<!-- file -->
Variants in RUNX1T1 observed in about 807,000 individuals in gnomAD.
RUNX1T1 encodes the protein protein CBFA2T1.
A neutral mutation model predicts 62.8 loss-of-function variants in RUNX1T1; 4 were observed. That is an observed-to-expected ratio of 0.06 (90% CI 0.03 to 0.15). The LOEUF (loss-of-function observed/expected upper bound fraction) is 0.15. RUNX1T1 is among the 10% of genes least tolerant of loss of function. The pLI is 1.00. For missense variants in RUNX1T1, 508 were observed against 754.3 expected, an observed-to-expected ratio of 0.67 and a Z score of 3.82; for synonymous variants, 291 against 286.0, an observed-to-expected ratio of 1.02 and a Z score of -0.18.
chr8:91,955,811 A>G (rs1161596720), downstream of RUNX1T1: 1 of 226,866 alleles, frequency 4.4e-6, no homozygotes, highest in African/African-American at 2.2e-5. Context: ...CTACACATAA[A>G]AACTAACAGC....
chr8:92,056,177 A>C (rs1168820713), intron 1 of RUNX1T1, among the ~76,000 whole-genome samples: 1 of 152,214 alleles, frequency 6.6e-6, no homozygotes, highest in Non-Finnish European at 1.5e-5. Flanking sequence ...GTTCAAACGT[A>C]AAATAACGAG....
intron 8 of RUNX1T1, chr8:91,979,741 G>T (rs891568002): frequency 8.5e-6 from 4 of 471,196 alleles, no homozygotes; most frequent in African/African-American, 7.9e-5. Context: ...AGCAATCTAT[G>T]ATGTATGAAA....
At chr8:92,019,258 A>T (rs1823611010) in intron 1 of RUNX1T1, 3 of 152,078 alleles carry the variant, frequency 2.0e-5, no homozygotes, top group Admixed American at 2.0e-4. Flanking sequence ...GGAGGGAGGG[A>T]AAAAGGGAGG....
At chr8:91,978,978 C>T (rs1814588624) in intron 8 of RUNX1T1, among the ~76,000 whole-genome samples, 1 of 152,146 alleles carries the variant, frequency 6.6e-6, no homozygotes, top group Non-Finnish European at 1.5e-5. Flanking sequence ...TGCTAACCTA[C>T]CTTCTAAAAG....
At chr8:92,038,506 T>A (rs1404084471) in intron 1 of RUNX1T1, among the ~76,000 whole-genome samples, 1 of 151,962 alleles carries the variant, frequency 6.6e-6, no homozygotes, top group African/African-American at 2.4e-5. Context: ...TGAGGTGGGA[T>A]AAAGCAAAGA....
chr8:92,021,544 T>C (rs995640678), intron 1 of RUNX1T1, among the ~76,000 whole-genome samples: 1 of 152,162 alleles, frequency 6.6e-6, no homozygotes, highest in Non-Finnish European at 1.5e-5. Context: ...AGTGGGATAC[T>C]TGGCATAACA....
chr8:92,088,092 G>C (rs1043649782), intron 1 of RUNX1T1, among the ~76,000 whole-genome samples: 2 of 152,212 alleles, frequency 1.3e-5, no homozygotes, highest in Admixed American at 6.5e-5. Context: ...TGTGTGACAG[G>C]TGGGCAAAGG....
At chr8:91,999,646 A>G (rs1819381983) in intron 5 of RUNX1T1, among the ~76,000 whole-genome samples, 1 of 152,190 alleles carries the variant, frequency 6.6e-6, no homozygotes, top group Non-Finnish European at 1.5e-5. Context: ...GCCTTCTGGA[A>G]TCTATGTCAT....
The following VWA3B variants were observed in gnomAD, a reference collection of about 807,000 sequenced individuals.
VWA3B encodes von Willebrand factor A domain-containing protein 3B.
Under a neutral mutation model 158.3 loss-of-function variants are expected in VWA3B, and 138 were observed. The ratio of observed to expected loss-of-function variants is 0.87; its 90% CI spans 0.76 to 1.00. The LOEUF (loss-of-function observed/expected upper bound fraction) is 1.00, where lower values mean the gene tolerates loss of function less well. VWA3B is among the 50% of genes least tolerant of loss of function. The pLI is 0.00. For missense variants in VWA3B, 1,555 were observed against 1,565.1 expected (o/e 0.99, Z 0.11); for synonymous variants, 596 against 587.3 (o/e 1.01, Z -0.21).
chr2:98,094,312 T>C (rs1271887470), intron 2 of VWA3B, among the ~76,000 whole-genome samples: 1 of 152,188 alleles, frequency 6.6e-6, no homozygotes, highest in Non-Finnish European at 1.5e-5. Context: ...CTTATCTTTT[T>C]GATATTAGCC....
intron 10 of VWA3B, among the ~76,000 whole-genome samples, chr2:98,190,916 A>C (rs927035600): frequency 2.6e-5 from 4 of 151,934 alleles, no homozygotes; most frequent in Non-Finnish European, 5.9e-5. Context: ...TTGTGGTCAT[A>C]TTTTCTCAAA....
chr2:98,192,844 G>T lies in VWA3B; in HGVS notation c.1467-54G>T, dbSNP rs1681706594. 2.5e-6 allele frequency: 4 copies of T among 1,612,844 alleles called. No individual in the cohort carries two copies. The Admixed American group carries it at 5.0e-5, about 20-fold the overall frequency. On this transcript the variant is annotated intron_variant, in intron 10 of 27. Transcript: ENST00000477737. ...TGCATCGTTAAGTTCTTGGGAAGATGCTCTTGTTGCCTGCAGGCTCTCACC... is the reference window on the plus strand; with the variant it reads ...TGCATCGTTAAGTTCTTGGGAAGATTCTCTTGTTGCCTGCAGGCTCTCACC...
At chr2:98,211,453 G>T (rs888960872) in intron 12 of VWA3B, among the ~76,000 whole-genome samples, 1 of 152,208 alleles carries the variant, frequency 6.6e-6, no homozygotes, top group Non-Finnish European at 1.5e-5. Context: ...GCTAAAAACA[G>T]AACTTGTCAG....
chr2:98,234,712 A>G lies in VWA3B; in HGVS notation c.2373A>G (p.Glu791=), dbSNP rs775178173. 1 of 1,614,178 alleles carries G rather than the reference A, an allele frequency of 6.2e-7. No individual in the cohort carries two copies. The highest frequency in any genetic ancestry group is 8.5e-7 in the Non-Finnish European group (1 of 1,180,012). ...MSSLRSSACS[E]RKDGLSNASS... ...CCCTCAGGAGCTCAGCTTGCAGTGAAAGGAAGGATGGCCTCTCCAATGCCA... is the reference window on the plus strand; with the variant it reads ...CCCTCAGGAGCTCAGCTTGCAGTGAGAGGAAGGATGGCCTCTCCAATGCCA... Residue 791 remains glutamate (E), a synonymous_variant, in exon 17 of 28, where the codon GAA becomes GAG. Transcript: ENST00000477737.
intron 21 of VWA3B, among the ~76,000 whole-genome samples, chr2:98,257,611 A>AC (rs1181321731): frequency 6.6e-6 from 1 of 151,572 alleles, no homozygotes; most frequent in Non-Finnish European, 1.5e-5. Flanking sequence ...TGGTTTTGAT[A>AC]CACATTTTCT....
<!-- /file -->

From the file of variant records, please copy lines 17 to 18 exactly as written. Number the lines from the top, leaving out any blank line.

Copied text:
intron 10 of VWA3B, among the ~76,000 whole-genome samples, chr2:98,190,916 A>C (rs927035600): frequency 2.6e-5 from 4 of 151,934 alleles, no homozygotes; most frequent in Non-Finnish European, 5.9e-5. Context: ...TTGTGGTCAT[A>C]TTTTCTCAAA....
chr2:98,192,844 G>T lies in VWA3B; in HGVS notation c.1467-54G>T, dbSNP rs1681706594. 2.5e-6 allele frequency: 4 copies of T among 1,612,844 alleles called. No individual in the cohort carries two copies. The Admixed American group carries it at 5.0e-5, about 20-fold the overall frequency. On this transcript the variant is annotated intron_variant, in intron 10 of 27. Transcript: ENST00000477737. ...TGCATCGTTAAGTTCTTGGGAAGATGCTCTTGTTGCCTGCAGGCTCTCACC... is the reference window on the plus strand; with the variant it reads ...TGCATCGTTAAGTTCTTGGGAAGATTCTCTTGTTGCCTGCAGGCTCTCACC...